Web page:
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Sign the Petition

 

7,349 signatures

Tell Google: Stop playing Persian Gulf name games!

May 14, 2012
Larry Page
Chief Executive Officer
Google Inc.
1600 Amphitheatre Parkway
Mountain View, California 94043

Dear Mr. Page:

It has come to our attention that Google has begun omitting the title of the Persian Gulf from its Google Maps application. This is a disconcerting development given the undisputed historic and geographic precedent of the name Persian Gulf, and the more recent history of opening up the name to political, ethnic, and territorial disputes. However unintentionally, in adopting this practice, Google is participating in a dangerous effort to foment tensions and ethnic divisions in the Middle East by politicizing the region’s geographic nomenclature. Members of the Iranian-American community are overwhelmingly opposed to such efforts, particularly at a time when regional tensions already have been pushed to the brink and threaten to spill over into conflict. As the largest grassroots organization in the Iranian-American community, the National Iranian American Council (NIAC) calls on Google to not allow its products to become propaganda tools and to immediately reinstate the historically accurate, apolitical title of “Persian Gulf” in all of its informational products, including Google Maps.

Historically, the name “Persian Gulf” is undisputed. The Greek geographer and astronomer Ptolemy referencing in his writings the “Aquarius Persico.” The Romans referred to the "Mare Persicum." The Arabs historically call the body of water, "Bahr al-Farsia." The legal precedent of this nomenclature is also indisputable, with both the United Nations and the United States Board of Geographic Names confirming the sole legitimacy of the term “Persian Gulf.” Agreement on this matter has also been codified by the signatures of all six bordering Arab countries on United Nations directives declaring this body of water to be the Persian Gulf.

But in the past century, and particularly at times of escalating tensions, there have been efforts to exploit the name of the Persian Gulf as a political tool to foment ethnic division. From colonial interests to Arab interests to Iranian interests, the opening of debate regarding the name of the Persian Gulf has been a recent phenomenon that has been exploited for political gain by all sides. Google should not enable these politicized efforts.

In the 1930s, British adviser to Bahrain Sir Charles Belgrave proposed to rename the Persian Gulf, “Arabian Gulf,” a proposal that was rejected by the British Colonial and Foreign offices. Two decades later, the Anglo-Iranian Oil Company resurrected the term during its dispute with Mohammad Mossadegh, the Iranian Prime Minister whose battle with British oil interests would end in a U.S.-sponsored coup d'état that continues to haunt U.S.-Iran relations. In the 1960s, the title “Arabian Gulf” became central to propaganda efforts during the Pan-Arabism era aimed at exploiting ethnic divisions in the region to unite Arabs against non-Arabs, namely Iranians and Israelis. The term was later employed by Saddam Hussein to justify his aims at territorial expansion. Osama Bin Laden even adopted the phrase in an attempt to rally Arab populations by emphasizing ethnic rivalries in the Middle East.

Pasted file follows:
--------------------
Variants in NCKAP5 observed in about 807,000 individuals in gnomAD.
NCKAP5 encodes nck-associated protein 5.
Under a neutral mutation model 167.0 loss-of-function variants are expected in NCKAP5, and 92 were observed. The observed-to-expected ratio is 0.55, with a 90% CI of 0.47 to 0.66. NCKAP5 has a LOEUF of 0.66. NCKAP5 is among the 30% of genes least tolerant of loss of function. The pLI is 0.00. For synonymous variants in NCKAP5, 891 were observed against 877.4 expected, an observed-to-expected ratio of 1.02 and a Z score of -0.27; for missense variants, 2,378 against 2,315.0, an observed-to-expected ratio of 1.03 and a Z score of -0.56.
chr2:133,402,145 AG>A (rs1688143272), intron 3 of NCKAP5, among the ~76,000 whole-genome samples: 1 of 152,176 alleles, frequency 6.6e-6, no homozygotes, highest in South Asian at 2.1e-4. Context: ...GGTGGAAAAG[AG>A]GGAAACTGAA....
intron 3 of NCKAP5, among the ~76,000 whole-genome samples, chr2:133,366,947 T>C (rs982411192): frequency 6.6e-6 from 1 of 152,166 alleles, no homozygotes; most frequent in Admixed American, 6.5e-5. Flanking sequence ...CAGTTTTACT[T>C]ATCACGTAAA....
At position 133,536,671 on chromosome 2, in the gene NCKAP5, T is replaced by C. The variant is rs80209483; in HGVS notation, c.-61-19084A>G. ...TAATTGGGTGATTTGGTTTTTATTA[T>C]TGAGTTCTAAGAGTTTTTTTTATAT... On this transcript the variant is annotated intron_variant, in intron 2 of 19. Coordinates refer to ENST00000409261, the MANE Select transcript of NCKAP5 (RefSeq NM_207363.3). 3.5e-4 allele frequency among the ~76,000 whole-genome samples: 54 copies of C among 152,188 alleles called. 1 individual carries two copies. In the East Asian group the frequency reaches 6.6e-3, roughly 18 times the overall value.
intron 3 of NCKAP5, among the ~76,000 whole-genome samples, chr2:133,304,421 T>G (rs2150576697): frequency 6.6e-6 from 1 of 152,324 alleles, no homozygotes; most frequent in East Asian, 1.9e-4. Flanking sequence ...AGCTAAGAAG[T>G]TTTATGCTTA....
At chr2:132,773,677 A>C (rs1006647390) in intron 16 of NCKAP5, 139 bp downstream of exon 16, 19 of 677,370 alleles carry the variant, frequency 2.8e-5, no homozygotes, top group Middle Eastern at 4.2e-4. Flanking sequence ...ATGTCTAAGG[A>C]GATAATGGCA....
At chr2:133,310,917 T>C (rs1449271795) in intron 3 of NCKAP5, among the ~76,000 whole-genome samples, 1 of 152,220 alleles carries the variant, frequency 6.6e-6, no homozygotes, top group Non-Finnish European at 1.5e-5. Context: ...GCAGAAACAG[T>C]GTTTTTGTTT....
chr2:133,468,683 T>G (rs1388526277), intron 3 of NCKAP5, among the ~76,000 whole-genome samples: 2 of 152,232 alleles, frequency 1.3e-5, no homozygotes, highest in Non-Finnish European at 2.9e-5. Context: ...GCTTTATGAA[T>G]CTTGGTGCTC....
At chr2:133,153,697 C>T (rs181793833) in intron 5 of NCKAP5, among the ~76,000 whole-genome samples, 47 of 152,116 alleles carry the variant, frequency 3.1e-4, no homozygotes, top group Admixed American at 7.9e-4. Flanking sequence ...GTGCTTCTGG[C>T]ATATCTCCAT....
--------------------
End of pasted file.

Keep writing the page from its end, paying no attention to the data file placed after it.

We have serious concerns that Google is now playing into these efforts of geographic politicization. Unfortunately, this is not the first time Google has stirred controversy on this topic. In 2008, Google Earth began including the term “Arabian Gulf” in addition to Persian Gulf as the name for the body of water. NIAC and others called on you then to stop using this ethnically divisive propaganda term, but to no avail. Instead of following the example of organizations like the National Geographic Society, which in 2004 used term “Arabian Gulf” in its maps but recognized the error and corrected it, Google has apparently decided to allow its informational products to become politicized.

Google should rectify this situation and immediately include the proper name for the Persian Gulf in Google Maps and all of its informational products. The exclusion of the title of the Persian Gulf diminishes your applications as informational tools, and raises questions about the integrity and accuracy of information provided by Google.

We strongly urge you to stay true to Google’s mission – “to organize the world’s information and make it universally accessible and useful” – without distorting or politicizing that information. We look forward to an explanation from you regarding the recent removal of the Persian Gulf name from Google Maps and call on you to immediately correct this mistake.

Sincerely,